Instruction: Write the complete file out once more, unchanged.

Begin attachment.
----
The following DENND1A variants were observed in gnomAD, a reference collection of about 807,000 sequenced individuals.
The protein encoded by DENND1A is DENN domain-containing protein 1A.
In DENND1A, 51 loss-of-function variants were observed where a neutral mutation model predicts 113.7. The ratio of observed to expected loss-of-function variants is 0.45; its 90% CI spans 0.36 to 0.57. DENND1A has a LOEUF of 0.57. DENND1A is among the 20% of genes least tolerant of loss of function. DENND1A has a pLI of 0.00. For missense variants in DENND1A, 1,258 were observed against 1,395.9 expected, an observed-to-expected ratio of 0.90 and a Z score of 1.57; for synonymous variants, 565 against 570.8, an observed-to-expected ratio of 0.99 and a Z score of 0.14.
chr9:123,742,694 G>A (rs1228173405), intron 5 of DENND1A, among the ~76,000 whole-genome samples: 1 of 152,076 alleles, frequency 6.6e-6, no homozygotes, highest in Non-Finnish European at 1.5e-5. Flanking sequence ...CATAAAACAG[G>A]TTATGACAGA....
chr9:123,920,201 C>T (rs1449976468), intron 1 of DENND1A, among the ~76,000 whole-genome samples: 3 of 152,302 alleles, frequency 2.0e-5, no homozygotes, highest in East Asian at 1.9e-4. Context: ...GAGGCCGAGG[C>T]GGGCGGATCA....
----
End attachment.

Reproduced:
The following DENND1A variants were observed in gnomAD, a reference collection of about 807,000 sequenced individuals.
The protein encoded by DENND1A is DENN domain-containing protein 1A.
In DENND1A, 51 loss-of-function variants were observed where a neutral mutation model predicts 113.7. The ratio of observed to expected loss-of-function variants is 0.45; its 90% CI spans 0.36 to 0.57. DENND1A has a LOEUF of 0.57. DENND1A is among the 20% of genes least tolerant of loss of function. DENND1A has a pLI of 0.00. For missense variants in DENND1A, 1,258 were observed against 1,395.9 expected, an observed-to-expected ratio of 0.90 and a Z score of 1.57; for synonymous variants, 565 against 570.8, an observed-to-expected ratio of 0.99 and a Z score of 0.14.
chr9:123,742,694 G>A (rs1228173405), intron 5 of DENND1A, among the ~76,000 whole-genome samples: 1 of 152,076 alleles, frequency 6.6e-6, no homozygotes, highest in Non-Finnish European at 1.5e-5. Flanking sequence ...CATAAAACAG[G>A]TTATGACAGA....
chr9:123,920,201 C>T (rs1449976468), intron 1 of DENND1A, among the ~76,000 whole-genome samples: 3 of 152,302 alleles, frequency 2.0e-5, no homozygotes, highest in East Asian at 1.9e-4. Context: ...GAGGCCGAGG[C>T]GGGCGGATCA....